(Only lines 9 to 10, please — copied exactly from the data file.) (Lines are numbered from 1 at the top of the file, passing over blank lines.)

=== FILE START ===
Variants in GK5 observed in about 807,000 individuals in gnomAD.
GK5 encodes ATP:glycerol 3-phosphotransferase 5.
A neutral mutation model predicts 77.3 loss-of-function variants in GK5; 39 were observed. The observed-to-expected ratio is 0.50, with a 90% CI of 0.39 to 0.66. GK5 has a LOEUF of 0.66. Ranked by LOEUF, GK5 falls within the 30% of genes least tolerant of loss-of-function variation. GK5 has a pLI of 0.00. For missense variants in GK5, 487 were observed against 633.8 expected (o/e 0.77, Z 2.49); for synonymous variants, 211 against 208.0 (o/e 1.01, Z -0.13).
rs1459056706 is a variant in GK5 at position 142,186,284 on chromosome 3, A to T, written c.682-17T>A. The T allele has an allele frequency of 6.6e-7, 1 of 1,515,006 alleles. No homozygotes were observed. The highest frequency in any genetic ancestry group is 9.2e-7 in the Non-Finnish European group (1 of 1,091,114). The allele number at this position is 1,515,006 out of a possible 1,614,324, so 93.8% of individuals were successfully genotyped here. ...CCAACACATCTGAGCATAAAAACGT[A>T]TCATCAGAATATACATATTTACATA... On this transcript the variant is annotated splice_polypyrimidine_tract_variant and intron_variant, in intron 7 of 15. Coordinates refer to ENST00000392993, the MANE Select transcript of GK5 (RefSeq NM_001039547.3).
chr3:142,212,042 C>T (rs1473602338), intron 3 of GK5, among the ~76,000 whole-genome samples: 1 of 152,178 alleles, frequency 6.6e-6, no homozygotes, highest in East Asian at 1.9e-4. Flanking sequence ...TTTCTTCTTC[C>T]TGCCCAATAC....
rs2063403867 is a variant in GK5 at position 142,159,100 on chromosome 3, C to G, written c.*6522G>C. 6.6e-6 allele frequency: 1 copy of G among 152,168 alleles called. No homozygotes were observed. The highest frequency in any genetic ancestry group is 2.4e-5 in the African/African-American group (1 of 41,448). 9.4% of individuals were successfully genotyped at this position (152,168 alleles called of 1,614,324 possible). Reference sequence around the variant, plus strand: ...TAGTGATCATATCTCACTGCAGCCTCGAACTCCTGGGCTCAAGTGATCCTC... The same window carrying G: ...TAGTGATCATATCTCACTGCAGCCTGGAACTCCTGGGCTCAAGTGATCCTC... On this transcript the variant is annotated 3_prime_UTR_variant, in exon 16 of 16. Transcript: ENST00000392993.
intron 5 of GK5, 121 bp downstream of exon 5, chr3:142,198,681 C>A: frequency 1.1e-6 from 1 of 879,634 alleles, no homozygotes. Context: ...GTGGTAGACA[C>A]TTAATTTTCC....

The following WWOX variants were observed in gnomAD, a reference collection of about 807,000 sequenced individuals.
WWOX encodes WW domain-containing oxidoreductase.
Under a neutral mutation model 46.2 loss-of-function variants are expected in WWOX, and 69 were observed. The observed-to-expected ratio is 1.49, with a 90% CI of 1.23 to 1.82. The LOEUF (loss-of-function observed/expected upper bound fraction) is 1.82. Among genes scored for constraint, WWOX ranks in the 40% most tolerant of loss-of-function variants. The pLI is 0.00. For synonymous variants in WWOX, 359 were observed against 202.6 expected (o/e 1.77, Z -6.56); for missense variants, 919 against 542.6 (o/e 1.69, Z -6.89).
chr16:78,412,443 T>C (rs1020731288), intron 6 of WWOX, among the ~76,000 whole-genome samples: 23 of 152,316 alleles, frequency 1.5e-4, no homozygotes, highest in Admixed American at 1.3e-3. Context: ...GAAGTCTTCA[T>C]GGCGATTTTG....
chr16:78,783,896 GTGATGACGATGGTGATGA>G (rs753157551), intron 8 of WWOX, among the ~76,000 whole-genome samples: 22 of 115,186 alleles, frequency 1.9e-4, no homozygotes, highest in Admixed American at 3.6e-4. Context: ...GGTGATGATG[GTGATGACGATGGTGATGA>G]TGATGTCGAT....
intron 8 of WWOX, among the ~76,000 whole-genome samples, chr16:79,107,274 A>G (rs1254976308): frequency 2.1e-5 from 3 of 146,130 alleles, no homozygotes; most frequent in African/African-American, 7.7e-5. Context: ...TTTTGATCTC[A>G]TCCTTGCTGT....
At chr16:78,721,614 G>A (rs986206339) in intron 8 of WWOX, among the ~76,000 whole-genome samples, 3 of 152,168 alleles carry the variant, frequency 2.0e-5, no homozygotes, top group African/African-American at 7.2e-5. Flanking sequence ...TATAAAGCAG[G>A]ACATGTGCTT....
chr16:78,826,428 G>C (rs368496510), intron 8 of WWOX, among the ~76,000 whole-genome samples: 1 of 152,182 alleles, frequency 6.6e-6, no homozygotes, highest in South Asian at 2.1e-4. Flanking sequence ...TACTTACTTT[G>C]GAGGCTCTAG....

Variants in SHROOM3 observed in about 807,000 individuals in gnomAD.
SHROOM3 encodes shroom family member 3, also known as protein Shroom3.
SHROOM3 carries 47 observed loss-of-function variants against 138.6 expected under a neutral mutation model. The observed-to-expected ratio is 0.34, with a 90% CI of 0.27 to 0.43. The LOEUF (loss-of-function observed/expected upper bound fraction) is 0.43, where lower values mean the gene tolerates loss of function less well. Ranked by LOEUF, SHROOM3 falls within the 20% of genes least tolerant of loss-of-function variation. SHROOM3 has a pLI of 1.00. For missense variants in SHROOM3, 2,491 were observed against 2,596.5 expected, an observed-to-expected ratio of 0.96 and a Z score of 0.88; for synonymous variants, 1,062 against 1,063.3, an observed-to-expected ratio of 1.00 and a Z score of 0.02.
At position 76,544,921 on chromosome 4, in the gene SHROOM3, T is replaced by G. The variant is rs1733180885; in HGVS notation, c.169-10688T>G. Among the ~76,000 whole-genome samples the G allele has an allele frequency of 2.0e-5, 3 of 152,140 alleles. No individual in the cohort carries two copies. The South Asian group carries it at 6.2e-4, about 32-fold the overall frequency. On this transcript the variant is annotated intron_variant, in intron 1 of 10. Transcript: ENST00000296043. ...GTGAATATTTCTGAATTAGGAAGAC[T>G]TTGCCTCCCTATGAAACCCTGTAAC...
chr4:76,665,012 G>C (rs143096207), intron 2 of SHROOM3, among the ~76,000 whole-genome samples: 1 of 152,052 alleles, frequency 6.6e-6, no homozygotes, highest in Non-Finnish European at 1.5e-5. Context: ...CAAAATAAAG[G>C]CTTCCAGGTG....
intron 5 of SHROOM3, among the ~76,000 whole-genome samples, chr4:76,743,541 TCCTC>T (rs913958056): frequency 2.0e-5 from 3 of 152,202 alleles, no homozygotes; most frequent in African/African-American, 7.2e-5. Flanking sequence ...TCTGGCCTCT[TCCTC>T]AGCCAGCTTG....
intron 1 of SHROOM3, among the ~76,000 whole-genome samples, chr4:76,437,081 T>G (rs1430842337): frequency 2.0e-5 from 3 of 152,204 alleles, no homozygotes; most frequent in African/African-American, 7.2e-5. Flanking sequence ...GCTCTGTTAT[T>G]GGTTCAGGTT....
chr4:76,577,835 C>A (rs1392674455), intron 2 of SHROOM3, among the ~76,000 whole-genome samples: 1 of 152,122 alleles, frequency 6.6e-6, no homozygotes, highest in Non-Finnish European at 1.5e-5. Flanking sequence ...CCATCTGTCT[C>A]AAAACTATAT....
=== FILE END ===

WWOX encodes WW domain-containing oxidoreductase.
Under a neutral mutation model 46.2 loss-of-function variants are expected in WWOX, and 69 were observed. The observed-to-expected ratio is 1.49, with a 90% CI of 1.23 to 1.82. The LOEUF (loss-of-function observed/expected upper bound fraction) is 1.82. Among genes scored for constraint, WWOX ranks in the 40% most tolerant of loss-of-function variants. The pLI is 0.00. For synonymous variants in WWOX, 359 were observed against 202.6 expected (o/e 1.77, Z -6.56); for missense variants, 919 against 542.6 (o/e 1.69, Z -6.89).